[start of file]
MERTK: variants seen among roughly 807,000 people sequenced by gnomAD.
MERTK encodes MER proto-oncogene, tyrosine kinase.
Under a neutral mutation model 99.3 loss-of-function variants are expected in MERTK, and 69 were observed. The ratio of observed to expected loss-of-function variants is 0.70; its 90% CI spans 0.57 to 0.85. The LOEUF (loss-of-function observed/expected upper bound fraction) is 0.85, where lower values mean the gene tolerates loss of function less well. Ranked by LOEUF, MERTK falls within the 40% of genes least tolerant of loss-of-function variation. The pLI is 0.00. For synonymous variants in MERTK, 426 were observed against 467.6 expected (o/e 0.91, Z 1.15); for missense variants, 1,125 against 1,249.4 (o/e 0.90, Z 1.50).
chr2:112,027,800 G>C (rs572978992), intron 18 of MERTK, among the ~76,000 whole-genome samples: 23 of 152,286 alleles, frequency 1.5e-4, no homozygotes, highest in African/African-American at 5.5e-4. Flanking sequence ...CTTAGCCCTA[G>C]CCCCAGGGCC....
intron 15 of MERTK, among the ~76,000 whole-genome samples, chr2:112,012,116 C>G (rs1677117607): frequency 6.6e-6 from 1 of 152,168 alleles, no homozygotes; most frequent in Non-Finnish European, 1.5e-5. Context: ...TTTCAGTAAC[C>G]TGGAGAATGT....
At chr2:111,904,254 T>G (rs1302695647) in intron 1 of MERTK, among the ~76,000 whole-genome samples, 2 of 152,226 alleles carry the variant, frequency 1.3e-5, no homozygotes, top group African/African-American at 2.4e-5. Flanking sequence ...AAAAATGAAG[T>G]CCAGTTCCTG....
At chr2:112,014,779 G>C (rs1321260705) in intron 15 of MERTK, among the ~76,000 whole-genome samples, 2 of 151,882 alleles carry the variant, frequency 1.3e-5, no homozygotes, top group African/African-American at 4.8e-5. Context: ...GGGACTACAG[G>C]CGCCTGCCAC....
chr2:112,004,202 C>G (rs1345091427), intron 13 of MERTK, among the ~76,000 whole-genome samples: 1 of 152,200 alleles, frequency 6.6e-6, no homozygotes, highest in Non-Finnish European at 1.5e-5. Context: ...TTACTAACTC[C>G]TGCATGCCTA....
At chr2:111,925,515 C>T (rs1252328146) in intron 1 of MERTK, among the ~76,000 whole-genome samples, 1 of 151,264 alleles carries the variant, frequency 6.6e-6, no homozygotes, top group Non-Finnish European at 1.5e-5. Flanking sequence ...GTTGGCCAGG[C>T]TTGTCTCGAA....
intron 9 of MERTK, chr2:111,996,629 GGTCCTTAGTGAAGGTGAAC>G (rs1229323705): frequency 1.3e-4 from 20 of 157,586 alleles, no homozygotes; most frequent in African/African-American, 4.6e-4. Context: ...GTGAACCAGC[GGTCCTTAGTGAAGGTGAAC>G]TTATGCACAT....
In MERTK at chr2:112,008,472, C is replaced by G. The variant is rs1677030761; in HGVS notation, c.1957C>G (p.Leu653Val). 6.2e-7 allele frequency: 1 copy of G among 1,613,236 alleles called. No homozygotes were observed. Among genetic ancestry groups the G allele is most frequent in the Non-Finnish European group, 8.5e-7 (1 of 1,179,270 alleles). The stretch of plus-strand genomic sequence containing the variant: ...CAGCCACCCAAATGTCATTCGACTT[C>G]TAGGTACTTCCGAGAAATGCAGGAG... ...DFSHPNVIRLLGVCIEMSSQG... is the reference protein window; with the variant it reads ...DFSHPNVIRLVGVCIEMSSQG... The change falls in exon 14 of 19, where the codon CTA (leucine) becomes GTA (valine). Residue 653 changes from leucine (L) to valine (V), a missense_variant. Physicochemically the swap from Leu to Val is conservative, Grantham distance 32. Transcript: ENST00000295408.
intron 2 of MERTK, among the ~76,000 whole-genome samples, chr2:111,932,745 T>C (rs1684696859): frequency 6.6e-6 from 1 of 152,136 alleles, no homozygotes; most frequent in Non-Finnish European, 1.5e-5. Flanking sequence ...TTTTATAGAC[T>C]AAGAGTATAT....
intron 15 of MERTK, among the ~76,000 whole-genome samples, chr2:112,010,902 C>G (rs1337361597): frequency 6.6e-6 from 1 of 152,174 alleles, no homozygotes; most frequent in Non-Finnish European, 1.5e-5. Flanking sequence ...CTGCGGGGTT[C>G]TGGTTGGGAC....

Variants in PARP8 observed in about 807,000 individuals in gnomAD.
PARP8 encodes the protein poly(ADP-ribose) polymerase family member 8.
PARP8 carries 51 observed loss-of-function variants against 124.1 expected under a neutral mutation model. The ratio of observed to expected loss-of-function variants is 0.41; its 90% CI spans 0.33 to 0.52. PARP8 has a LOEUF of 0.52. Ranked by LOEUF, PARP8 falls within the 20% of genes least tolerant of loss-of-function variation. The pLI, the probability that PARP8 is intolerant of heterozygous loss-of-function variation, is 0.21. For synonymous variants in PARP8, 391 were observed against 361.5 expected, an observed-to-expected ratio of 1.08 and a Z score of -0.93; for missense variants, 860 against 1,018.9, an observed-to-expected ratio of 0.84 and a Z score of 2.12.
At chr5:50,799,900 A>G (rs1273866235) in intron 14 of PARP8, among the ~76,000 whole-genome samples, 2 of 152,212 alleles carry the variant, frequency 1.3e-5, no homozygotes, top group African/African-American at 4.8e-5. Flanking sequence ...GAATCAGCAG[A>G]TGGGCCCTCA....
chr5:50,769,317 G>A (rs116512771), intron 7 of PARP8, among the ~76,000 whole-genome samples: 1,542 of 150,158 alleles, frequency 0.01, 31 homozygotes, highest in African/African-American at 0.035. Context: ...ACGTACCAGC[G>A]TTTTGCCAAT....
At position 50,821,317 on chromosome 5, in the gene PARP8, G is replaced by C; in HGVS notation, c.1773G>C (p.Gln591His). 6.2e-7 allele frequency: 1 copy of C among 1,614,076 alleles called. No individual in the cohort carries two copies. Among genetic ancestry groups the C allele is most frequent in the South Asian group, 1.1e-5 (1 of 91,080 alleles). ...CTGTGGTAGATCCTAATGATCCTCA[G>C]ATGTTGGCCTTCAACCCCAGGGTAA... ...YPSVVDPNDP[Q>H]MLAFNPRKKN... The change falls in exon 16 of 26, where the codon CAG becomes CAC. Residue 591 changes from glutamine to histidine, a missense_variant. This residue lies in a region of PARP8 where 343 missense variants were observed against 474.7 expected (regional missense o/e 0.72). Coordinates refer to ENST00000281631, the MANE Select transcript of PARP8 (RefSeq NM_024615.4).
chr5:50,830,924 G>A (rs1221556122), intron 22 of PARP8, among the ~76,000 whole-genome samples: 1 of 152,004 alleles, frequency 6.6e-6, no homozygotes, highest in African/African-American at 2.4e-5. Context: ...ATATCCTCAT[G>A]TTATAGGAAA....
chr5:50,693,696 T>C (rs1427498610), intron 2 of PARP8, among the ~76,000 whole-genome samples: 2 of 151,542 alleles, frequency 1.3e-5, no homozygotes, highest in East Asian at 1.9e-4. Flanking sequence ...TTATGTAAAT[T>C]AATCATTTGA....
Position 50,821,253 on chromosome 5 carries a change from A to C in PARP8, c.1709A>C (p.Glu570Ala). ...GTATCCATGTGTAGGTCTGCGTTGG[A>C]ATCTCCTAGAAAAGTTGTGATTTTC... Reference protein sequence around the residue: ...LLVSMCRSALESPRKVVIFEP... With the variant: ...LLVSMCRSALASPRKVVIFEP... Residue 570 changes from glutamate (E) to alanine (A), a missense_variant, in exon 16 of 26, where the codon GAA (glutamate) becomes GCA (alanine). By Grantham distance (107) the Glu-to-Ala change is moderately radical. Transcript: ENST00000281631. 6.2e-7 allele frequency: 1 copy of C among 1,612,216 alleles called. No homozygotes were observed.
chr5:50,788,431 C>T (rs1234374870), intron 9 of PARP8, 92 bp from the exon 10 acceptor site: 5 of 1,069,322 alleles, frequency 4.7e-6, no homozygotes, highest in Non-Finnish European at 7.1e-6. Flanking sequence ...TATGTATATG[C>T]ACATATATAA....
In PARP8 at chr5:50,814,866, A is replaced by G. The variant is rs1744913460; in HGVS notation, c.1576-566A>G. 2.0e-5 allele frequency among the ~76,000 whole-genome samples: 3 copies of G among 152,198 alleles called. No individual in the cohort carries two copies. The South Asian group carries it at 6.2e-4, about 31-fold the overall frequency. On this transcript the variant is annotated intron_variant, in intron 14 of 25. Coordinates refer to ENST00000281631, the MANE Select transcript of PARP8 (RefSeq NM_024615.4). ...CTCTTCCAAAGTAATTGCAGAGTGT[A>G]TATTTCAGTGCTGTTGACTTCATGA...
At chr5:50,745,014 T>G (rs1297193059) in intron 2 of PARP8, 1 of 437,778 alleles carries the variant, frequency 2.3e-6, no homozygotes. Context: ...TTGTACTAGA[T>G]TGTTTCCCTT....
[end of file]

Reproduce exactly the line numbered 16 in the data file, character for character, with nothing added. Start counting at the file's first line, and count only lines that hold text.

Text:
PARP8 carries 51 observed loss-of-function variants against 124.1 expected under a neutral mutation model. The ratio of observed to expected loss-of-function variants is 0.41; its 90% CI spans 0.33 to 0.52. PARP8 has a LOEUF of 0.52. Ranked by LOEUF, PARP8 falls within the 20% of genes least tolerant of loss-of-function variation. The pLI, the probability that PARP8 is intolerant of heterozygous loss-of-function variation, is 0.21. For synonymous variants in PARP8, 391 were observed against 361.5 expected, an observed-to-expected ratio of 1.08 and a Z score of -0.93; for missense variants, 860 against 1,018.9, an observed-to-expected ratio of 0.84 and a Z score of 2.12.